The venue itself is everything I wanted it to be and more. From the enormous logo outside, to the toilets plastered with signed setlists from gigs long ago. They have their own ‘King Tut’s Lager’ on tap, which was decently potent (especially after 4 of them). I was Captain Ahab, the venue Moby Dick – I’d fall into the water and let it take me wherever it wanted me to go. Luckily, it didn’t take 3 days to chase the venue down.

King Tut’s revels in its history. It bursts with an array of artwork, posters and instruments that preceded its famous steps; each one archiving the artists who performed there that year into its very foundations. A million memories condensed into a single footstep, only to capture a million more in the next.

The famous steps at King Tut’s (February, 2020)

The atmosphere buzzed for IDER. After getting acquainted with the aforementioned lager and being ‘that guy’ who took a photo of the stairs (I hate myself too) we spilled into the venue. Split between the bar, stage, and a raised mezzanine we we’re engulfed in the shadows of your typical venue – the features of Charlotte’s face only visible by the oozing red stage lighting as we waited patiently for the band in its eager glow.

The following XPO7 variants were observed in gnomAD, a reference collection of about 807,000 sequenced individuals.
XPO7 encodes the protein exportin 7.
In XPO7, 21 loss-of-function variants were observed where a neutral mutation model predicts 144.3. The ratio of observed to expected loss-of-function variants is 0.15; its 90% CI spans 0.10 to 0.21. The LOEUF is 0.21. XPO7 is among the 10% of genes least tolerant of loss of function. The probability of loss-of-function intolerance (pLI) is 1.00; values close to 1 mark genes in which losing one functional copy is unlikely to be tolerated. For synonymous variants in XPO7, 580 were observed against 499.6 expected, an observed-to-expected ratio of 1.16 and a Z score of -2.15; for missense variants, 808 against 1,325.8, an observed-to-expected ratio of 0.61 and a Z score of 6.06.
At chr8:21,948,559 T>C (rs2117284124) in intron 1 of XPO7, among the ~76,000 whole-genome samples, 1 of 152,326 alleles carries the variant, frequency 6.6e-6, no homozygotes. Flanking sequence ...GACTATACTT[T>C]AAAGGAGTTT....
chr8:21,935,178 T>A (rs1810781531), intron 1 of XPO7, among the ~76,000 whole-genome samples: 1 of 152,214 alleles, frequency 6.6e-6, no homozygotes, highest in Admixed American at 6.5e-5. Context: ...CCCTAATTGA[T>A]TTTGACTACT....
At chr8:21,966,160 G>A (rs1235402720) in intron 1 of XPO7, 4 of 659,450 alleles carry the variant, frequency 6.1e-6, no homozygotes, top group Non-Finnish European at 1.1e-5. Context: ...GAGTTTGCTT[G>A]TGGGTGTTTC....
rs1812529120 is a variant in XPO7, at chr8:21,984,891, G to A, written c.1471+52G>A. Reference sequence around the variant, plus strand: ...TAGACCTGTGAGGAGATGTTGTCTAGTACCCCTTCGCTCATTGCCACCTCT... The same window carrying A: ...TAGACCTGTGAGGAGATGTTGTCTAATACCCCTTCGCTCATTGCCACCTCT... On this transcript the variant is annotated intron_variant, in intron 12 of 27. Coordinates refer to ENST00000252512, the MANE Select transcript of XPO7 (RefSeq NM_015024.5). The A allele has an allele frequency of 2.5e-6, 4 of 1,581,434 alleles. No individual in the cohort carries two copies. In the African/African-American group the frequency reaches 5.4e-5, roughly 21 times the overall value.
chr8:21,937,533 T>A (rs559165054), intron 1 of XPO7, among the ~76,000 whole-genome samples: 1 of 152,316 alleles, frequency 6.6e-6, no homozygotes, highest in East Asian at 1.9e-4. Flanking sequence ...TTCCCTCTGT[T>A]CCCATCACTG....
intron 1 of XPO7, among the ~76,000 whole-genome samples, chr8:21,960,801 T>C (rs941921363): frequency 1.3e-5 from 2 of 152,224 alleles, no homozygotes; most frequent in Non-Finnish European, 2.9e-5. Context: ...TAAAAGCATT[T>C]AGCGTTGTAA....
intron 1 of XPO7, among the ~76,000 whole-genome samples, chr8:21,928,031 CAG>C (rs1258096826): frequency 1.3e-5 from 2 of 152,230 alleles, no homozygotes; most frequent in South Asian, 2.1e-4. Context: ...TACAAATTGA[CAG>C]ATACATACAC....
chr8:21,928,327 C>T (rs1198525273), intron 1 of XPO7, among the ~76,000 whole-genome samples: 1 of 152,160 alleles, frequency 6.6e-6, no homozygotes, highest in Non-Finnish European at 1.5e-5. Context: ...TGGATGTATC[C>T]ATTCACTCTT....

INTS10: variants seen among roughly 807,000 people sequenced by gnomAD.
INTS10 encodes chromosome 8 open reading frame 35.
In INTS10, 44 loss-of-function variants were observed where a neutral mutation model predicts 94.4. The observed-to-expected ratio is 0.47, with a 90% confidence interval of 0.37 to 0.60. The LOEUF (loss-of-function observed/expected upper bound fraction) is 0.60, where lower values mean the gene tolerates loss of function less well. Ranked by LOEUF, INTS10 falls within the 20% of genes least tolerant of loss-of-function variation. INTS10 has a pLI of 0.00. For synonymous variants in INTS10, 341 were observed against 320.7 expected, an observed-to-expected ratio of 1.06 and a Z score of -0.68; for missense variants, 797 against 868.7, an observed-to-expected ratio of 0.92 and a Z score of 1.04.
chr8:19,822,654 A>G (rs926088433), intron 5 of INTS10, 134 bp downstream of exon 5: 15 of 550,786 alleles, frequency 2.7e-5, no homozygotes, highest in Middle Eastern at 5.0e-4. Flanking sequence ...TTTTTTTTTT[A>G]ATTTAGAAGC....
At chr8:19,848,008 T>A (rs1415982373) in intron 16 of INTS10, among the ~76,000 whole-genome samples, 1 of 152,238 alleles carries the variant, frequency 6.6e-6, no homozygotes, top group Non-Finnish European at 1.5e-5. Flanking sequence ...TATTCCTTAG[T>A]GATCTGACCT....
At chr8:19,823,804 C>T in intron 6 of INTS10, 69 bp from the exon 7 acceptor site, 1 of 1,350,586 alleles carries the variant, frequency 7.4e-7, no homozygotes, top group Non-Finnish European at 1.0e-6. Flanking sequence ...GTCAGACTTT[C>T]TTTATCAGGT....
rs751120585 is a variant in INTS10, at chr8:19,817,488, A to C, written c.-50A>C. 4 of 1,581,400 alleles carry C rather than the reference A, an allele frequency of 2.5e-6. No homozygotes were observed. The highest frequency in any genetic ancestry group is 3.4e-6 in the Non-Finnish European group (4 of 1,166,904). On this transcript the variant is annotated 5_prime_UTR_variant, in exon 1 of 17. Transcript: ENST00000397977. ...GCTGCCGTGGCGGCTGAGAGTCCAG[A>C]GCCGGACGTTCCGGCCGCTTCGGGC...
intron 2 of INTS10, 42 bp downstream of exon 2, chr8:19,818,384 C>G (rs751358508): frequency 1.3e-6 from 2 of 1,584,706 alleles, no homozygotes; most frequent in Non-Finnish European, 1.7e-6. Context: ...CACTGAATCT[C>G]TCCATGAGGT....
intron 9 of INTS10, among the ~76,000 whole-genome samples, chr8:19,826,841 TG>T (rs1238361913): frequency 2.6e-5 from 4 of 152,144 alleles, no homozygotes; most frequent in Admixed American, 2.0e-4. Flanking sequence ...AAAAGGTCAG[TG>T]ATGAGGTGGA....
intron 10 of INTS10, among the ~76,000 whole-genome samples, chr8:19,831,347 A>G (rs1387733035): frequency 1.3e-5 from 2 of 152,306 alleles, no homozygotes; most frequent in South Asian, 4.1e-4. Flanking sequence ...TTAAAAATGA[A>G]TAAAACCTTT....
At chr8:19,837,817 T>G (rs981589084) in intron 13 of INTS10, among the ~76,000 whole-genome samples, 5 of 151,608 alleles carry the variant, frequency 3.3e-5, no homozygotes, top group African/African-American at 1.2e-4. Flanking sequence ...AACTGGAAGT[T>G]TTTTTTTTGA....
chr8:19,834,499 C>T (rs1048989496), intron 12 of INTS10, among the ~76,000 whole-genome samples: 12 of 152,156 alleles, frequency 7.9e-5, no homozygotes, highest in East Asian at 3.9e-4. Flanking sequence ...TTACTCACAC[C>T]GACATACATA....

IDER were ace.

If you’ve ever attended venues like Parr Street Studio 2 in Liverpool, or The Ritz in Manchester – you’ll know there are certain venues that were built for music. This is one of them. The London duo’s voices bounced from the walls as they performed. They were that good that their current Wikipedia image is from the gig that we were at (see photo).

The name IDER comes from the character that “manifests itself when [they] harmonise“, although intended as a joke they named themselves after – this genuinely rang true. They intertwined melodies and swapped instruments with ease, it felt like a fever dream.  It was one of the best performances I had seen for a long time, in arguably one of the best gig venues I’d ever attended. As a bonus, the night concluded with the best drunk Five Guys burger on our way back to the hotel.

Give them a listen if you’ve got a spare 3 minutes and 45 seconds.

So, whether you’ve got plans to visit Glasgow already or if you’re travelling for King Tut’s itself, it is 100% worth the visit. This might be the decade of bias talking, but I think it might be my favourite venue in the country. Although I’ve got NME and Radio 1 on my side so I can’t be too far from the truth.


And I definitely didn’t buy a commemorative mug.

In the words of Liam Gallagher – “Why don’t you come back to me?”

I’m sure someday I will.